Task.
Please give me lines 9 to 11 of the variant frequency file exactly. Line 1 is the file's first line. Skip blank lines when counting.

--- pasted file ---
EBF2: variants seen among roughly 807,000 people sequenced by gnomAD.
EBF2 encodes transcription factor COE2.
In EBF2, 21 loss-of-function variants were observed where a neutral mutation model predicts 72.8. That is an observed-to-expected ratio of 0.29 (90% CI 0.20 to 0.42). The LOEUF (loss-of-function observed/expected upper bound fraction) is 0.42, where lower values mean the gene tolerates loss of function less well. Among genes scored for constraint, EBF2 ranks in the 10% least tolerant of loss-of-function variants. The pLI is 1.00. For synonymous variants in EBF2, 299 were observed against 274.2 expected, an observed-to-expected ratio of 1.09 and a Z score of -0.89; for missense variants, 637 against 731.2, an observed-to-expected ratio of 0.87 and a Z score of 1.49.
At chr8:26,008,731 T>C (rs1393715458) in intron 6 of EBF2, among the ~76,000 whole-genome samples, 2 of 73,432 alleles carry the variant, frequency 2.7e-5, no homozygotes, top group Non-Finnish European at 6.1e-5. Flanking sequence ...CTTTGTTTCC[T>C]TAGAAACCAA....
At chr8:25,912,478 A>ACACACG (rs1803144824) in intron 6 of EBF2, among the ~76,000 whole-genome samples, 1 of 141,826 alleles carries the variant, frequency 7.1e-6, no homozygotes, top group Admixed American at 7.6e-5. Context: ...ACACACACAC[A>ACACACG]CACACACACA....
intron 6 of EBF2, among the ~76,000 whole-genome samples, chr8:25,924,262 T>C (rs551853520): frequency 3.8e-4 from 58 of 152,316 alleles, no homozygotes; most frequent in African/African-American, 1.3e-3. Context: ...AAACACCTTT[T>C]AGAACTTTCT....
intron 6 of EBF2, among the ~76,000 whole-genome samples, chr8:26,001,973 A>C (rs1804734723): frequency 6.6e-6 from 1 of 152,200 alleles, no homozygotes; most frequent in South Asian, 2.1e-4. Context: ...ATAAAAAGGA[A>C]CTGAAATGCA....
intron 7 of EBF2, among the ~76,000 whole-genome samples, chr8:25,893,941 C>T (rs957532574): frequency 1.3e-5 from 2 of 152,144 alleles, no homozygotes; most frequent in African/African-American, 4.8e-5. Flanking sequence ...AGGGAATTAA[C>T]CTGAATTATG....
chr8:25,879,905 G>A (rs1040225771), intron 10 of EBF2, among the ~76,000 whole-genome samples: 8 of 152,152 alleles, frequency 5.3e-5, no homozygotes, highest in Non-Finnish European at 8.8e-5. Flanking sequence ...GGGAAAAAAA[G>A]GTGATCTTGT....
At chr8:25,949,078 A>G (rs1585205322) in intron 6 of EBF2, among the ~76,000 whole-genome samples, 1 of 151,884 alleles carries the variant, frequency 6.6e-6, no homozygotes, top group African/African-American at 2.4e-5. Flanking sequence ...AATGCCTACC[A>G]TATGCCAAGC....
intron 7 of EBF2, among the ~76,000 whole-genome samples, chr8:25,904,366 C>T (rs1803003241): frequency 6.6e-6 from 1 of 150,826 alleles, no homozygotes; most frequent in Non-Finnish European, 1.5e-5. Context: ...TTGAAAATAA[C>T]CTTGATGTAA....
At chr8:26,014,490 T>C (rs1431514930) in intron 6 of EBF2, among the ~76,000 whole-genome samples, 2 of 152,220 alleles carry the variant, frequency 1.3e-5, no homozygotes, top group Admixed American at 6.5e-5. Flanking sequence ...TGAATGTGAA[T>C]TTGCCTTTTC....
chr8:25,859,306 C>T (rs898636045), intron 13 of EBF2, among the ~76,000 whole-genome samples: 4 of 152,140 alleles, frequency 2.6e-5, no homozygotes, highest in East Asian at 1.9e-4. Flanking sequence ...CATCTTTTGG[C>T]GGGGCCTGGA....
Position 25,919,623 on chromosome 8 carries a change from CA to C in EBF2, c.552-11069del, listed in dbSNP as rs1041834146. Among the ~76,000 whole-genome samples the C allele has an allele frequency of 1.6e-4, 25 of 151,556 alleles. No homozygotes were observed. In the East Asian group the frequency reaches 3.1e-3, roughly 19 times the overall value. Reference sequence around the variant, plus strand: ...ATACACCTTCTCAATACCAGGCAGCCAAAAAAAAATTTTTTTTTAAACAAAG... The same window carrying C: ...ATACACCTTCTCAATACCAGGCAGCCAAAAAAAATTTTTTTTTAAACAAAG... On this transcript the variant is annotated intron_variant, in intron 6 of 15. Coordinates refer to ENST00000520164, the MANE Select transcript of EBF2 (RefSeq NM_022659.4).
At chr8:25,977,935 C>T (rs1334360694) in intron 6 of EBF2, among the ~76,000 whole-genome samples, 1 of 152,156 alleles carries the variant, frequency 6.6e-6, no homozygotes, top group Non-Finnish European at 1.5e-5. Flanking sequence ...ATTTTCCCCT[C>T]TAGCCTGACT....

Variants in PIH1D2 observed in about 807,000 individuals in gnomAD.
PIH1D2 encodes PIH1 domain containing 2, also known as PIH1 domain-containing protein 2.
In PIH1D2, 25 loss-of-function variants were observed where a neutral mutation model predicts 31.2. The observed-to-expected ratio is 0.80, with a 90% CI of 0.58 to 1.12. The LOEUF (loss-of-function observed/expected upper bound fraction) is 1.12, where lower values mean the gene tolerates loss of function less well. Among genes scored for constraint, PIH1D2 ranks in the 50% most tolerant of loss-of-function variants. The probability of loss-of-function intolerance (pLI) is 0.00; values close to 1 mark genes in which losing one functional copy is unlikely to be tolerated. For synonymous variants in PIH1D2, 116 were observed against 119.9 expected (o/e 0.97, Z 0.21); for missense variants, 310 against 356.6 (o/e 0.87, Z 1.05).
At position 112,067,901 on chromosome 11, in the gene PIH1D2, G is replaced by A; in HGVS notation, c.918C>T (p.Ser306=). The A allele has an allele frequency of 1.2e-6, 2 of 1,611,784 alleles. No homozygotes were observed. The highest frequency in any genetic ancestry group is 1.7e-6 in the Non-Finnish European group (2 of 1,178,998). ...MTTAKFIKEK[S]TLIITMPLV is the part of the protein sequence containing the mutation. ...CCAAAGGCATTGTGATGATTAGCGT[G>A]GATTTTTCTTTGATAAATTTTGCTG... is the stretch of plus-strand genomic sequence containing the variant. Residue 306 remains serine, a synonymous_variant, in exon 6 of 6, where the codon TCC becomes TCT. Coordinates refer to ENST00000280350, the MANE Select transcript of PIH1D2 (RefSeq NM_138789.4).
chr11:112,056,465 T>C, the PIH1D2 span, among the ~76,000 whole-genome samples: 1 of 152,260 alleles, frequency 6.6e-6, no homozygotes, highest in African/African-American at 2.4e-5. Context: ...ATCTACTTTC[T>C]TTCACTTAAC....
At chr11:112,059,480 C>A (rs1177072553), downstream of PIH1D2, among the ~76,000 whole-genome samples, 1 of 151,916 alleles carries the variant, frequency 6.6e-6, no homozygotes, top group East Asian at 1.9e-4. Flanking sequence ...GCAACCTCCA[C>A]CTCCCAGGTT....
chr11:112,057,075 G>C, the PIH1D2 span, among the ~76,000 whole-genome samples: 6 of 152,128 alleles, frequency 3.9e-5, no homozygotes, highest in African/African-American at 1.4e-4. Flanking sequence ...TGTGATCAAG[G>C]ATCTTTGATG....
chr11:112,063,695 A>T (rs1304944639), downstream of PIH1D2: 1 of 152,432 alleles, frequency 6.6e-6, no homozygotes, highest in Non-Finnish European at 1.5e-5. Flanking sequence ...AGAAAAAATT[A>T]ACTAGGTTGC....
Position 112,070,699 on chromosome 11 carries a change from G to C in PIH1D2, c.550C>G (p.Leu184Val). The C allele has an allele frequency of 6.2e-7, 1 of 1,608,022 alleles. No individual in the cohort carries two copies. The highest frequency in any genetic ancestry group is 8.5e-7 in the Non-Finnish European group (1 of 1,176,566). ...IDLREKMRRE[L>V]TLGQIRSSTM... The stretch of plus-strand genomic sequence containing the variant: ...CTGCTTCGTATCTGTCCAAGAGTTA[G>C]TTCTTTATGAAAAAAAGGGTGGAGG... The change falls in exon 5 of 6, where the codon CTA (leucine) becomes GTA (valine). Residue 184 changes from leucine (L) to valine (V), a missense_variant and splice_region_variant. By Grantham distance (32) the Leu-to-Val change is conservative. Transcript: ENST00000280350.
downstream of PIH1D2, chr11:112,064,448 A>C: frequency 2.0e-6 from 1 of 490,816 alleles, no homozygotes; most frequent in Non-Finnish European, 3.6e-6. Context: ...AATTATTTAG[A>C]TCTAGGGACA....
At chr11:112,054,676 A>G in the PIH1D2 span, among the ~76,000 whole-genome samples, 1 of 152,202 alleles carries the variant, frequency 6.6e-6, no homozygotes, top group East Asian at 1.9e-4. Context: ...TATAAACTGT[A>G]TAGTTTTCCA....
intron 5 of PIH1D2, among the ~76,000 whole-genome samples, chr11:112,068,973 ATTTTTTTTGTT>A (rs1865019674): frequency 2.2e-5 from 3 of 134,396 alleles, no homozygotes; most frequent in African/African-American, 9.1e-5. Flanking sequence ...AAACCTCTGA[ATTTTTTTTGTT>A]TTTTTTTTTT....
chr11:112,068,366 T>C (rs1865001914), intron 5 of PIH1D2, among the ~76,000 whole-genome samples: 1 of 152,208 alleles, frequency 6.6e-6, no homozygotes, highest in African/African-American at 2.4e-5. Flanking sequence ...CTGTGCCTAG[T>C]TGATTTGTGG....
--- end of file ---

chr8:25,879,905 G>A (rs1040225771), intron 10 of EBF2, among the ~76,000 whole-genome samples: 8 of 152,152 alleles, frequency 5.3e-5, no homozygotes, highest in Non-Finnish European at 8.8e-5. Flanking sequence ...GGGAAAAAAA[G>A]GTGATCTTGT....
At chr8:25,949,078 A>G (rs1585205322) in intron 6 of EBF2, among the ~76,000 whole-genome samples, 1 of 151,884 alleles carries the variant, frequency 6.6e-6, no homozygotes, top group African/African-American at 2.4e-5. Flanking sequence ...AATGCCTACC[A>G]TATGCCAAGC....
intron 7 of EBF2, among the ~76,000 whole-genome samples, chr8:25,904,366 C>T (rs1803003241): frequency 6.6e-6 from 1 of 150,826 alleles, no homozygotes; most frequent in Non-Finnish European, 1.5e-5. Context: ...TTGAAAATAA[C>T]CTTGATGTAA....